Lydia E. Pinham tablets, a well known to ladies of days gone by. According to Wikipedia: Lydia Estes Pinkham (February 9, 1819 – May 17, 1883) was an iconic concocter and shrewd marketer of a commercially successful herbal-alcoholic "women's tonic" meant to relieve menstrual and menopausal pains. What really interested me about Ms. Pinkham's tonics and pills is that they are forerunners with many of the homeopathic pills and herbal supplements for women on the market today. Just look at the ingredients of one of her most popular tonics for women: The original recipe for Lydia Pinkham's Vegetable Compound is as follows:
Unicorn Root (Aletris farinosa L.) 8 oz.
Life Root (Senecio aureus L.) 6 oz.
Black Cohosh (Cimicifuga racemosa (L.) Nutt.) 6oz.
Pleurisy Root (Asclepias tuberosa L.) 6 oz.
Fenugreek Seed (Trigonella foenum-graecum L.) 12 oz.
Alcohol (18%) to make 100 pints
Many of these herbs are recommended by midwives even today. No for the Doan's tablets. I find it so very interesting that many of the commercial substances we now use had their roots in homeopathy and natural medicine. It appears that Doan's pills (which you can still buy today) began no differently:
According to snippets of history published in company advertisements, in 1832 the formulation of Doan’s Pills “was the secret…of an old Quaker lady,” and “was kept a secret for years in a good old Quaker family. The neighbors all knew about it and many a time had reason to be thankful for its existence. Its fame spread and strangers who heard about it wrote for information concerning it, sometimes tried its virtues, and sometimes put a trial off for a more convenient season.” “It was given to the public by James Doan, a druggist, and is now known and recommended the whole world over.” “James Doan was a great Doctor who lived in a town called Kingsville, in Canada, in North America. Sick people took journeys of many days to go to see him, and to get his medicine. He was a doctor who excelled in his neighborhood, because he prepard his medicine with his own hands, so he knew it was well prepared, and good. He used to make it with shrubs, and roots, and herbs, which he gathered in the woods and veld near his home. He made many kinds of medicine; but the most excellent is that which is called Doan’s Backache Kidney Pills.” -courtesy RayCityHistory
Tholene salve marketed by the Rosebud Perfume Company-
The business began in a small drugstore located across the street from what is now known as the Rosebud Building in Woodsboro, Maryland. Friends and customers suggested that he (Dr. Smith) prepare for them a family salve that could be used for various minor skin irritations. With this as a challenge, Dr. Smith formulated a product known as Smith's "Balsam of Rosebuds" which was later renamed Smith's "Rosebud Salve." Realizing its local popularity, Dr. Smith decided to advertise his product in country tabloids, and within a few years he had organized one of the most unique mail order businesses in the United States. The mail order business offered four major brands for agents to sell door to door. They sold Rosebud Salve, Tholene Mentholated Salve, Rosebud Perfume, and Vivian Perfume. - Courtesy Rosebud Perfume Company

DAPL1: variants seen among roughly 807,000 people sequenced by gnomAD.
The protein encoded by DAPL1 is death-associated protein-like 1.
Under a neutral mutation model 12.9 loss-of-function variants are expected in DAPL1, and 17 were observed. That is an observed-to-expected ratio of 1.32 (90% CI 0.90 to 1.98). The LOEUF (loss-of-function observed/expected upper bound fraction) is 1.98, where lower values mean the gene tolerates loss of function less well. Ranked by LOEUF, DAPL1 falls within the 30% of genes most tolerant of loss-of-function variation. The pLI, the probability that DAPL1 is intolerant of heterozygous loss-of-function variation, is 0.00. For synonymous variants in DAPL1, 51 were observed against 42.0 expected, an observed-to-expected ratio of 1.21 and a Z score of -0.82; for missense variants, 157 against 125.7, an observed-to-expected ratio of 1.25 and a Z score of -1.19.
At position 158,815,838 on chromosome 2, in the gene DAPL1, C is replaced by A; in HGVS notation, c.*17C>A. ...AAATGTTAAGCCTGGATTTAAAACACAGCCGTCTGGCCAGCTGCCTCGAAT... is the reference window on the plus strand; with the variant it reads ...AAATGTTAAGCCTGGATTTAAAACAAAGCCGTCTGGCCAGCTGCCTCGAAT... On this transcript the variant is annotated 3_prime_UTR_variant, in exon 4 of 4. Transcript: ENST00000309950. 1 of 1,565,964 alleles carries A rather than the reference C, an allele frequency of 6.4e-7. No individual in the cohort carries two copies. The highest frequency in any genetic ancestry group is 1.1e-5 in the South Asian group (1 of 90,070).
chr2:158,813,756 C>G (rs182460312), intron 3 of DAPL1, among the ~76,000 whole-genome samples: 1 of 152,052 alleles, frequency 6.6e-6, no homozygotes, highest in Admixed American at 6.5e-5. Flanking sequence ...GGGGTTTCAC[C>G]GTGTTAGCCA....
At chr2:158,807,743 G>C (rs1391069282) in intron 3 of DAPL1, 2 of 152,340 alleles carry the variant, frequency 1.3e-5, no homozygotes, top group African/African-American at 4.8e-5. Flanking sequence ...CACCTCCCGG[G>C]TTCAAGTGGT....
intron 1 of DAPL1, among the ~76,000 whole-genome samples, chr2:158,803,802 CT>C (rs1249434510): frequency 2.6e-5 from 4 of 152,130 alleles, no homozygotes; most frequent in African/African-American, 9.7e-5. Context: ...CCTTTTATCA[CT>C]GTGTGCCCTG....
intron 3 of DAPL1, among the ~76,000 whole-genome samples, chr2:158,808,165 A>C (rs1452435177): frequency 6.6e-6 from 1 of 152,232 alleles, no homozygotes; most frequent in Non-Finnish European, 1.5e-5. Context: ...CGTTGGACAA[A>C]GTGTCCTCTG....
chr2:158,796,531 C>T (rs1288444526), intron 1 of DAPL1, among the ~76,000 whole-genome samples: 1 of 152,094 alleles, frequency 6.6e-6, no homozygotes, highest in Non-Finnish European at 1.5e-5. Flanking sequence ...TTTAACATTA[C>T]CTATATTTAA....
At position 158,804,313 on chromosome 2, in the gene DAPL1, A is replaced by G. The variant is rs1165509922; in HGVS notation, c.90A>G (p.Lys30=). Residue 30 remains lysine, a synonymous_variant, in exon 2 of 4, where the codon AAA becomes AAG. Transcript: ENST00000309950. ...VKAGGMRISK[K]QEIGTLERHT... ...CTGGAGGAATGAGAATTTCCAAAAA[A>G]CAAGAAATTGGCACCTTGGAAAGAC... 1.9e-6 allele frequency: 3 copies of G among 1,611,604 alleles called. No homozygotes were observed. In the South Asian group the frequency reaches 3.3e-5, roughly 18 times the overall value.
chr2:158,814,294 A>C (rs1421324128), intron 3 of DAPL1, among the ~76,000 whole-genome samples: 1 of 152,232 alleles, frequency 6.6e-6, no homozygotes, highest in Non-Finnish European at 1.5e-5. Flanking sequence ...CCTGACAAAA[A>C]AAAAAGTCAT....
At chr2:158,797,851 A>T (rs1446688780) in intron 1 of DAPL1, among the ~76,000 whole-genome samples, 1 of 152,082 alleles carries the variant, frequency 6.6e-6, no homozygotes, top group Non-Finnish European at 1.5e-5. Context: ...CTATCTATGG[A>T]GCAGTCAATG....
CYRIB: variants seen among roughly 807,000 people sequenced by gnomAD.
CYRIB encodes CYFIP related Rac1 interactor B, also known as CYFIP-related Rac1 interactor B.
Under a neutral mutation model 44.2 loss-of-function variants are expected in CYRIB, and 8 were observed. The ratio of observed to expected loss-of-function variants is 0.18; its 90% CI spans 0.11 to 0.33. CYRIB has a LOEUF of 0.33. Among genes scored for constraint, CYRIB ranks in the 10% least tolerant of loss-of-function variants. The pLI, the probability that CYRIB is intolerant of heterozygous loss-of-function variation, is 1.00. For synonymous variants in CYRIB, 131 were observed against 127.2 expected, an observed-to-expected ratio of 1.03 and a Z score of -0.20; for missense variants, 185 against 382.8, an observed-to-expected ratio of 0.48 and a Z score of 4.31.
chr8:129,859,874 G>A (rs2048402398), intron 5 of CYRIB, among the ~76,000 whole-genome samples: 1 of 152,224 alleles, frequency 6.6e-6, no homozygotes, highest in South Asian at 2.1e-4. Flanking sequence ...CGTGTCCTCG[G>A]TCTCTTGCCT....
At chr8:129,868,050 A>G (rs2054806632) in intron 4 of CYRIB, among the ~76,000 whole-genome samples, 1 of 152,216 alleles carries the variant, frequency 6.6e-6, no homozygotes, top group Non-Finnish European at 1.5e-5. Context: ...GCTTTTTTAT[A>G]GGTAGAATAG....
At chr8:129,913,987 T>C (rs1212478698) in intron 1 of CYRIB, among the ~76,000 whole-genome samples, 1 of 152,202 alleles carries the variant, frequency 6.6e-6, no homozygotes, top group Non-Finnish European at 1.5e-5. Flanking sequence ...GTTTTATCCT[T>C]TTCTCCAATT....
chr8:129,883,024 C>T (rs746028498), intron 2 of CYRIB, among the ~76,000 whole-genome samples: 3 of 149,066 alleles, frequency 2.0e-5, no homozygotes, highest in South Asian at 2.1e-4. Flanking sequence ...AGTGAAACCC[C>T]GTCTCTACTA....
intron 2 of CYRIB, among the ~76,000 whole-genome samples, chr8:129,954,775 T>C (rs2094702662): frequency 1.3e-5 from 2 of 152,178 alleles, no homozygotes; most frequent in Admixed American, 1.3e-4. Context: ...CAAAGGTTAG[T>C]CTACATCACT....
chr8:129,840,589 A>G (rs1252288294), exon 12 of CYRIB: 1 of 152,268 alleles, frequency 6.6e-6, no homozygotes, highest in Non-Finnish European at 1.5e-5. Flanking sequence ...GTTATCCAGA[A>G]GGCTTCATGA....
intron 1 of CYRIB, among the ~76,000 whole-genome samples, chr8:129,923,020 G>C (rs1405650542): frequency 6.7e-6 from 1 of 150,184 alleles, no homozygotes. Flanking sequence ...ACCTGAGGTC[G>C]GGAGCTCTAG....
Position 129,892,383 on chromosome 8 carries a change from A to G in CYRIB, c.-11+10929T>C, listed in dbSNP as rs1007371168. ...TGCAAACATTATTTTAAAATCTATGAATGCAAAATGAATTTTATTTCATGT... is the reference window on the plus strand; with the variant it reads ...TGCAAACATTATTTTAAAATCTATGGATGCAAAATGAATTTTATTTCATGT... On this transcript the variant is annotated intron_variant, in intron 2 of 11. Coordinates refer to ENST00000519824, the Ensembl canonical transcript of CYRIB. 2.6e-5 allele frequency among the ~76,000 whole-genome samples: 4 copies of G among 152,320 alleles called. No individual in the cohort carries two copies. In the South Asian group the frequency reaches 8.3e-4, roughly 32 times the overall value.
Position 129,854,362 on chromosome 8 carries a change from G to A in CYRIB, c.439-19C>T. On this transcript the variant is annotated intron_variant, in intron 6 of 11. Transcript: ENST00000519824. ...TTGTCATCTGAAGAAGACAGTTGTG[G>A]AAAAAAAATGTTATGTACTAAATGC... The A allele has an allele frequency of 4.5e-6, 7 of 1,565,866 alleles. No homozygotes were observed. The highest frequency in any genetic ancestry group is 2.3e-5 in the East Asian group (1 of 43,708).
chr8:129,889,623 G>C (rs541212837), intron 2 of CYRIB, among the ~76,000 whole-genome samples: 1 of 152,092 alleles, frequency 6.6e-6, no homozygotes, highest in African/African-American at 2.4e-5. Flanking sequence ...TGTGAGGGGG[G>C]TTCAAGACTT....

Hill's Cascara Quinine: Interestingly enough quinine is the drug listed as treatment for malaria and according to Wikipedia: Quinine was first isolated in 1820 from the bark of the cinchona tree. Extracts from the bark have been used to treat malaria since at least 1632. It is on the WHO Model List of Essential Medicines, the most important medications needed in a basic health system. So what were these pills marketed as? According to the Smithsonian's National Museum of American History it was:
Recommended for the relief of the following discomforts usually associated with colds: nasal stuffiness and discharge, headache, muscular aches and pains, neuralgia and neuritic pains, constipation, and that hot, flushed feeling
Again based in plant medicine as Cascara is also a bark based plant medicine.
Few under age 30 have ever heard of this stuff. In 1998, the U.S. Food and Drug Administration declared that Mercurochrome, generically known as merbromin, was "not generally recognized as safe and effective" as an over-the-counter antiseptic and forbade its sale across state lines. A few traditionalists complained: Whaddya mean, not generally recognized as safe? Moms have been daubing it on their kids' owies since the Harding administration! (the straight dope)
Luckily no one in my family ever died of mercury poisoning (at least to my knowledge) but that was the main concern that led the FDA to remove this from the GRAS (generally recognized as safe) list and ban it in the late 1990's. Many a grandmother swore by the stuff and used it liberally.
So there you have, a trip down memory lane for some, an education in historical medicines for others. I find it all so very fascinating and I am always intrigued by how some of the big Pharma companies (Merck, Eli Lily, Pfizer, Glaxo Smith Kline) who have picked up drugs over the years were able to mimic and patent what nature provided for years for free. By isolating active chemical compounds in plants and making synthetic versions of said compounds, patents can be made and drugs produced, I still wish for the most part (save when antibiotics are VERY necessary) that we were able to rely on the knowledge of those who knew all about the plants, barks, seeds and life around us in nature.